Fake Antivirus and Spyware Doctor, Symbiotic? - Page 2

Do you have a question? Post it now! No Registration Necessary.  Now with pictures!

Threaded View

Re: Fake Antivirus and Spyware Doctor, Symbiotic?



Quoted text here. Click to load it

Yes, it does seem that way to those that don't (and perhaps can't)
understand what the difference is. When the term virus was coined for
self-replicating code, it caught on and became a buzz word for anything
that can go wrong with a computer. Despite that, the definition still
stands. No amount of crying will repeal that.

Quoted text here. Click to load it

Most experts currently agree that all viruses are indeed malware (and
they are wrong). The fact is that a virus need not be malicious - and in
fact can be a boon to mankind in the future. A virus is a virus because
of what it does, not because of how people feel about the results - not
the same for malware because malware by definition is malicious.

[...]



Re: Fake Antivirus and Spyware Doctor, Symbiotic?



@news.eternal-september.org:

Quoted text here. Click to load it
in

And, malware is sometimes much easier to clean up. A fine example would
be the rogue program known as internetsecurity(antivirus)2010; it's an
annoyance, but not too difficult. A virus on the other hand, can be a
real pisser; it has self replicating code; and it could be inside
hundreds of files on your system by the time you notice something is
amiss.


--
... Those are my thoughts anyways...


Re: Fake Antivirus and Spyware Doctor, Symbiotic?



Quoted text here. Click to load it

Additionally, most non-viral malware has a need to persist reboot -
often by methods easily revealed by autoruns, HJT etc...if not
rootkitted.

Many viruses won't use any of those methods - they persist by being
patient and waiting to be invoked as a matter of course.

...and then there's the polymorphic aspect - you can't just do a hash
comparison like you can with some malware.

Yes, I know I'm not telling you anything that you don't already know.
:o)  Just reiterating, here, for the readership.



Re: Fake Antivirus and Spyware Doctor, Symbiotic?



Quoted text here. Click to load it

Please name one example.

Quoted text here. Click to load it

Re: Fake Antivirus and Spyware Doctor, Symbiotic?



On Wed, 6 Jan 2010 23:30:54 -0600, "The Central Scrutinizer"

Quoted text here. Click to load it

KOH was one that was meant to be useful.  It performed a type of whole
drive encryption, but IIRC it always did ask permission when it moved to a
new disk.
--
Michael Cecil
http://home.roadrunner.com/~macecil /
http://home.roadrunner.com/~safehex /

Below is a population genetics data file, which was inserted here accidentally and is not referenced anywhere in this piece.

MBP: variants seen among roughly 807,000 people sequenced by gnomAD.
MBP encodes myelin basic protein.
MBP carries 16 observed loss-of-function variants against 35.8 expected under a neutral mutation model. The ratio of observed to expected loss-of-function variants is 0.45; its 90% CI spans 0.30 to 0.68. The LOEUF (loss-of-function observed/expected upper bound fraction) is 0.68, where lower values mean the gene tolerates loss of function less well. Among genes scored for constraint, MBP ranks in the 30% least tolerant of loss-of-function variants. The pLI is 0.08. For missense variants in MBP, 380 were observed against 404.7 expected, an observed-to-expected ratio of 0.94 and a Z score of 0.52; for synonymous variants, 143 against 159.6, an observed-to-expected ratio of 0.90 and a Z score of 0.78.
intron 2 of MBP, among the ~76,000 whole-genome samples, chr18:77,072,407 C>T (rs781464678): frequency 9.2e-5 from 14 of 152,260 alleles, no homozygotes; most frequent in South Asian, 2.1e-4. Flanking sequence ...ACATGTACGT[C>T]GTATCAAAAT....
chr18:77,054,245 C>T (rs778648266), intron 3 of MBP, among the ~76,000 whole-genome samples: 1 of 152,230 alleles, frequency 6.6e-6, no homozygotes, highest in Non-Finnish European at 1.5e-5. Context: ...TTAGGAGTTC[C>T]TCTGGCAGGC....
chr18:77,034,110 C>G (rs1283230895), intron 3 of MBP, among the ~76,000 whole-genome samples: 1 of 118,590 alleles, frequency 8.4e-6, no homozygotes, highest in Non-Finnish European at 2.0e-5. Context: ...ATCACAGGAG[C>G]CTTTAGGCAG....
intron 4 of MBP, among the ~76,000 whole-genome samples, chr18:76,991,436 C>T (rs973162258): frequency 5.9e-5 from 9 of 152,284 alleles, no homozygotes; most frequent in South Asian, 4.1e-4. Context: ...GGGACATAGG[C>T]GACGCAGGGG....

http://home.roadrunner.com/~macecil/hackingw7 /

Re: Fake Antivirus and Spyware Doctor, Symbiotic?



Quoted text here. Click to load it

One example of what? The future? I will do that sometime tomorrow. :oD

The "good" virus?

None of the proposals have been accepted because it has been proven that
the same results can be achieved by programming that does not require
viral code. Cohen's "compression virus" for instance - infected and
compressed files to save storage space. When the file was invoked, the
virus executed and decompressed the rest of the file.

My main point is that there is nothing about a virus that *requires* it
to be malicious or even unwanted. The main point of detractors of this
view is that a virus "modifies files" (generally without user consent)
in such a way that they steal computing power - but this is not
necessary for a program to be a virus.



Re: Fake Antivirus and Spyware Doctor, Symbiotic?



Quoted text here. Click to load it

Huh. You did not explain anything in your reply. Interesting..


Re: Fake Antivirus and Spyware Doctor, Symbiotic?



Quoted text here. Click to load it

What *example* are you looking for?

I can't give you an example of what the future might hold.

For instance, I couldn't give you an example of a replicating robot, but
I could propose that they exist in the future. As long as the distances
are short enough, programming software for new robotic instances could
be sent from humans. Autotonomous replicating robots too for away (or
under too much radio interference) to receive new software must
replicate the software. That ability is what a  computer virus is. I
propose that the future of mankind might indeed depend upon computer
viruses.

The whole virus=malware thing is just prejudice, although there are no
examples of 'the good virus' to offer that can't be shown to use the
viral capability only because there is no other way to accomplish the